I appeal to you therefore, brothers, by the mercies of God, to present your bodies as a living sacrifice, holy and acceptable to God, which is your spiritual worship. Do not be conformed to this world, but be transformed by the renewal of your mind, that by testing you may discern what is the will of God, what is good and acceptable and perfect. (Romans 12:1-2)
“So, I’ve checked, and, yes, he is healed and hungry.”
Good deal. Let’s continue then.
A mark of a maturing Christian is what is often called, total life worship. It is presenting our whole selves (actions, thoughts, desires, and speech) as living sacrifices to God – to live and do as he pleases. In short, as growing believers we will progressively live holy lives; lives that both revere and reflect Jesus. As you can see, this goes deeper than simply whether or not a person goes to church. Regularly attending corporate worship is good and is part of what God has commanded us to do, but it is definitely not all that he has required of us. Jesus rightly deserves and demands our total allegiance and the full abandonment of our lives to his will and purposes. Does your dating prospect show evidence of a life lived in continual submission to King Jesus?
And he told her all his heart… (Judges 16:17a)
Granted, the historical account of Samson and Delilah is nowhere near the paragon of healthy relationships. Plus, the intent of that biblical story is not to give dating tips. One thing, however, that does surface clearly in the text is that Samson eventually gives in to Delilah’s nagging, deceitful, and malicious persistence to tell her the truth about where his strength lied. I think we can at least say this: whereas Samson’s honesty got him in trouble, your honesty and that of your prospective boyfriend or girlfriend could possibly keep you out of a whole lot of trouble…with God and with each other.
Truth-telling should be non-negotiable, especially when you are on the front porch, seriously thinking about entering through the dating door. You absolutely need to know what you are about to walk into before you cross that relational threshold! Obviously, if this is your first time meeting him or her, or you have only known him or her on a casual basis, then you shouldn’t expect or require to know everything about him or her at the outset, nor should you divulge too much information about yourself out the gate. But shortly after the initial meet-up or first couple of dates, you need to start digging, especially if you are seriously and exclusively looking to date this person. He or she needs to be honest with himself or herself and honest with you, and vice-versa. “Honest about what?” you ask. Consider at least these four categories and some questions to think about and maybe even pose to him or her:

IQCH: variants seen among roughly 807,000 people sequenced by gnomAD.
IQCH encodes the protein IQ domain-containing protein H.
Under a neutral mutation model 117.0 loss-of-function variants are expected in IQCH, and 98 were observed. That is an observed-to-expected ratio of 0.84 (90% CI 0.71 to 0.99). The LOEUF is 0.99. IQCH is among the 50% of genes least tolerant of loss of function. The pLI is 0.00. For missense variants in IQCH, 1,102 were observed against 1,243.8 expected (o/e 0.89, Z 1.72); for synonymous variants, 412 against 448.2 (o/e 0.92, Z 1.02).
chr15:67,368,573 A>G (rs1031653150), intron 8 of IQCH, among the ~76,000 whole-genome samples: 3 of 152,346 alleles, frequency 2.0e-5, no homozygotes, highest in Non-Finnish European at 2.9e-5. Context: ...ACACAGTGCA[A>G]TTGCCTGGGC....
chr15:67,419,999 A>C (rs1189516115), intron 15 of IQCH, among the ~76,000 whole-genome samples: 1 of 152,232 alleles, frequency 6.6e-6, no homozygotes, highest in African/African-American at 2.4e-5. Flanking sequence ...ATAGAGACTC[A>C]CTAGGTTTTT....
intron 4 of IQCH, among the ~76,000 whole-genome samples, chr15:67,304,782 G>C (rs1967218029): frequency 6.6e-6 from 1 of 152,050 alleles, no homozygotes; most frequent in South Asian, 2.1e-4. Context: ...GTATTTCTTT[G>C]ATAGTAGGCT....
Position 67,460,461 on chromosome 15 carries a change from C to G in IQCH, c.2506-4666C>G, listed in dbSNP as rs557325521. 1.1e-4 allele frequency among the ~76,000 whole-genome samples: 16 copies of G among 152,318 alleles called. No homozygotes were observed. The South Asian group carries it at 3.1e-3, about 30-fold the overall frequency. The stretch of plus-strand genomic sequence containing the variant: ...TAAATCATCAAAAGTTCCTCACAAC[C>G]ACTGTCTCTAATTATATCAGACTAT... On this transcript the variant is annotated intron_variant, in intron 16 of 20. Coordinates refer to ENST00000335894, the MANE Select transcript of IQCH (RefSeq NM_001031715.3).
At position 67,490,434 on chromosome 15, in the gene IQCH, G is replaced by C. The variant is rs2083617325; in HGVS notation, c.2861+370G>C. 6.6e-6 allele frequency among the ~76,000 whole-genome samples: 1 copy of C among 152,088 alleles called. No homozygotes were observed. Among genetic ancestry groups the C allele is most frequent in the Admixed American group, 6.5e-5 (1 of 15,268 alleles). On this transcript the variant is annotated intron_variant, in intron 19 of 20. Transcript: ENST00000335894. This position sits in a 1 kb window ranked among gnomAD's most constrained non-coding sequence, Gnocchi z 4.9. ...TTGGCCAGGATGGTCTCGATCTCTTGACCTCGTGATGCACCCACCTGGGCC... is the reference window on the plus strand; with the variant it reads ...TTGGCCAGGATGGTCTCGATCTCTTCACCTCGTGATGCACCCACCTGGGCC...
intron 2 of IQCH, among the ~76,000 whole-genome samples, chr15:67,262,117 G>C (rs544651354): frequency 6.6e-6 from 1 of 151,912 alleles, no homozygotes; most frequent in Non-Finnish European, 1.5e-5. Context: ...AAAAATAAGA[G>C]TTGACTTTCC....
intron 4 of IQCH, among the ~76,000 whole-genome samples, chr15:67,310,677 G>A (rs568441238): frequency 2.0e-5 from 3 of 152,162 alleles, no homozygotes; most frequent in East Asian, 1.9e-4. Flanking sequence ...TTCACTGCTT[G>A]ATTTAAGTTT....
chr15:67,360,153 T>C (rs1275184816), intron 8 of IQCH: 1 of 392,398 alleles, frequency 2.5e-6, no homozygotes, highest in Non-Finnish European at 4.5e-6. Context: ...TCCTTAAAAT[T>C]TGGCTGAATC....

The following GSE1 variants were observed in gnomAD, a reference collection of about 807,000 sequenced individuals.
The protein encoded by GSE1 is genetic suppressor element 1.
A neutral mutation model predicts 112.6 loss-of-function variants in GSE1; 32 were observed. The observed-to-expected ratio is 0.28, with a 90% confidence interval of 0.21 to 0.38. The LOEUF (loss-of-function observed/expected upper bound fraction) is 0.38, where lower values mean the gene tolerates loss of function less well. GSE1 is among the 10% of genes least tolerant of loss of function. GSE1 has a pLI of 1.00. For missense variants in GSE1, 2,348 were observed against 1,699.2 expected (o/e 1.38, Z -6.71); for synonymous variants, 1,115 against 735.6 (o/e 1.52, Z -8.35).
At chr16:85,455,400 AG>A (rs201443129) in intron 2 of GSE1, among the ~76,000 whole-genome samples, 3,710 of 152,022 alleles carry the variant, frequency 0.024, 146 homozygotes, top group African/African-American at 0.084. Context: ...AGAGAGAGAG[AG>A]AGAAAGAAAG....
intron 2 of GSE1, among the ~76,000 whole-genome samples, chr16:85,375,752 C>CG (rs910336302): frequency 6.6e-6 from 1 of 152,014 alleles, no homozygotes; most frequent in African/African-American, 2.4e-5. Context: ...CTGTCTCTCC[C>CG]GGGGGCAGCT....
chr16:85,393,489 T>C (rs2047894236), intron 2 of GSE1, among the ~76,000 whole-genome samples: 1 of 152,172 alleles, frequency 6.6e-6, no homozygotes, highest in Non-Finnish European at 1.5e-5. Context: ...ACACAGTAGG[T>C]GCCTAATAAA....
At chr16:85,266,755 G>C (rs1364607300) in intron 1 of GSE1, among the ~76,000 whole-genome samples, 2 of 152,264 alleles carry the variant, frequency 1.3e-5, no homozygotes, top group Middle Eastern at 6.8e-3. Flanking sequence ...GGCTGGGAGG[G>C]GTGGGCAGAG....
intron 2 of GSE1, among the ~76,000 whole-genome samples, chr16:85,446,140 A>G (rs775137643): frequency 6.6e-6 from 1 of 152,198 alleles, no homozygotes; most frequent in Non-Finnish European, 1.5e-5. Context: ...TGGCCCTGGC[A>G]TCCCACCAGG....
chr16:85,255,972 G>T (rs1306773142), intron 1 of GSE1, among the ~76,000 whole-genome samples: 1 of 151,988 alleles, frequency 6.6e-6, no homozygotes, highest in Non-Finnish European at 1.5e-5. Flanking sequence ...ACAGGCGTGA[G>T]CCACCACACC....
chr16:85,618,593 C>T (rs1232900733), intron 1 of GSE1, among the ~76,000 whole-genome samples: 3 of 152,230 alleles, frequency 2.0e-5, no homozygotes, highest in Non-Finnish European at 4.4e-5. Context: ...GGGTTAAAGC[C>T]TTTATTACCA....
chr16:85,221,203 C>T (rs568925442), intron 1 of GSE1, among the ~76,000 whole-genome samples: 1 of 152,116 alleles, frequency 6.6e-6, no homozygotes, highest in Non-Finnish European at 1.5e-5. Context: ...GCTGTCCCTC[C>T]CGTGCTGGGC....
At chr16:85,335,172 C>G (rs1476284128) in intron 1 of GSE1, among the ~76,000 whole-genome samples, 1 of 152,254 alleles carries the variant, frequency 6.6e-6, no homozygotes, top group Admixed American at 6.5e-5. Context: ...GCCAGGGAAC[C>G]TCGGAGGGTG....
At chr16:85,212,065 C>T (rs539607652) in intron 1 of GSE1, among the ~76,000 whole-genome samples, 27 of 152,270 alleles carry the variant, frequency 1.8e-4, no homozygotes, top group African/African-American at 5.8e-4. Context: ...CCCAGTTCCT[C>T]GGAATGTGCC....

a. Family Upbringing: What was her (or his) home life like growing up, and how has that impacted who she is today?
b. Past Relationships (if applicable): How many persons has he dated before and how did the relationship(s) end?
c. Personal Habits: What does she routinely engage in? Is that activity life-giving or life-draining; fun or foolish; wise or wasteful; positive, negative, or neutral; righteous or sinful? And what type of effect might it have on you if the two of you decided to get together?
d. Life Aspirations: What does he want to do at this juncture of his life? What does he hope to achieve? What goals is he shooting for?
Pride goes before destruction, and a haughty spirit before a fall. (Proverbs 16:18)
I can sum up this final characteristic with one simple question: how does he or she handle personal triumph, trials, temptations, and transgressions?
If she reserves credit for God for her successes, if he runs to God as a refuge in times of suffering, if she relies on God to help her resist satanic and fleshly seduction, and if he repents to God if and when he falls into sin, then you have an individual who is in pursuit of humility.
As it concerns how he or she will relate to you, whether or not he or she is full of pride or humility, one thing you can do is observe (you can also talk to his or her family, friends, and/or co-workers), over time, how he or she generally stacks up against Philippians 2:3-4, which says, “Do nothing from rivalry or conceit, but in humility count others more significant than yourselves. Let each of you look not only to his own interests, but also to the interests of others.” If he (or she) shows a pattern of not figuring you into his thoughts, plans, or actions – and it doesn’t bother him one bit, or he begrudgingly confesses it, or he doesn’t sincerely work to amend his selfish ways – then it might be time to subtract him from the equation. It is better to be whole by yourself, than to be treated like a tenth of a fraction by someone else.
The point to all of this is: Don’t just blindly jump into a dating relationship with an individual. Be sure and do your homework on him or her. Oh, and please share your findings with other godly family members and friends. And if they express legitimate and serious concerns, don’t blow them off. God just might be using them to save you from a great deal of heartache down the road.
P.S. – These characteristics need to be true of you as well. So, don’t just look out the window at others; be sure you are looking in the mirror at yourself.